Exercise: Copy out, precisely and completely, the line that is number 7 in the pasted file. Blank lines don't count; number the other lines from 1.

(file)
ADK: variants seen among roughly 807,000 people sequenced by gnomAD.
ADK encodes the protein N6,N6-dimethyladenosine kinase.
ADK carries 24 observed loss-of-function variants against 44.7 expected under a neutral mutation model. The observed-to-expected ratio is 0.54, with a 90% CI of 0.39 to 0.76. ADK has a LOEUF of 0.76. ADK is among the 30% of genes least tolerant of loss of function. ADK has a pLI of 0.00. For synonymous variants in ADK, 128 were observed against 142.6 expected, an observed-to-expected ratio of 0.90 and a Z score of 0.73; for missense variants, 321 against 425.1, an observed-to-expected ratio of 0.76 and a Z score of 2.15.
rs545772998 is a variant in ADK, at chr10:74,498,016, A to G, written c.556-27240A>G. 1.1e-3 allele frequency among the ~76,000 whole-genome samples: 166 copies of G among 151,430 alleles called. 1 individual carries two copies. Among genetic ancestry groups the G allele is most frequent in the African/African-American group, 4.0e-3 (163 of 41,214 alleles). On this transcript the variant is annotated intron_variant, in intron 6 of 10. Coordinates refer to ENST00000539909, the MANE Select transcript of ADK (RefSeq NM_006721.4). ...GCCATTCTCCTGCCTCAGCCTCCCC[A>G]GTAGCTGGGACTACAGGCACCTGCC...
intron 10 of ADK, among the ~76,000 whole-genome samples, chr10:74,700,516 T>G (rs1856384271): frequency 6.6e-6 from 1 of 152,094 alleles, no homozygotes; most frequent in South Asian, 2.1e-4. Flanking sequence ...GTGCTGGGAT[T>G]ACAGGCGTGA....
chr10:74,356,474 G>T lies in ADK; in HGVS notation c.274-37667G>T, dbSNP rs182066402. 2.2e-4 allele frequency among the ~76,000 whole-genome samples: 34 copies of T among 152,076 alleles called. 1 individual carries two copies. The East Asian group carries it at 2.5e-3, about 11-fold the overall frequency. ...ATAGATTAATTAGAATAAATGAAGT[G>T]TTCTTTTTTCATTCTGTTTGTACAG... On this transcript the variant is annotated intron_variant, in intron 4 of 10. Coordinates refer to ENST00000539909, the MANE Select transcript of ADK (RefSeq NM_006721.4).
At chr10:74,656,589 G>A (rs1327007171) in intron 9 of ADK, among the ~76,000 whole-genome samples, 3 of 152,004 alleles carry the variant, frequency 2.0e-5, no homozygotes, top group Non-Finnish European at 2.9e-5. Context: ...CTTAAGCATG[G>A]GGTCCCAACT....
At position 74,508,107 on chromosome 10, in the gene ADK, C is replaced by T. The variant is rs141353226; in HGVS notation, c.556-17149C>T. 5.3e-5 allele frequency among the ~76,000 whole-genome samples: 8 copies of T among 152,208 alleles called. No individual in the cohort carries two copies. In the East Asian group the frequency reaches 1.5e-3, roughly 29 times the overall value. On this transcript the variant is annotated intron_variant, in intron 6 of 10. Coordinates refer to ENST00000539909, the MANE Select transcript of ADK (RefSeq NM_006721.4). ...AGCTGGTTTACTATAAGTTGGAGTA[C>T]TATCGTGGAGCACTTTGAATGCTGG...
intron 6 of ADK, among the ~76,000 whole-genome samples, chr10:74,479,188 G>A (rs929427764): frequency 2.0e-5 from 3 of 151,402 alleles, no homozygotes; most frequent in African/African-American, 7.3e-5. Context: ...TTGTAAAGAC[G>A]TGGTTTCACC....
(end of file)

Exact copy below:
At chr10:74,656,589 G>A (rs1327007171) in intron 9 of ADK, among the ~76,000 whole-genome samples, 3 of 152,004 alleles carry the variant, frequency 2.0e-5, no homozygotes, top group Non-Finnish European at 2.9e-5. Context: ...CTTAAGCATG[G>A]GGTCCCAACT....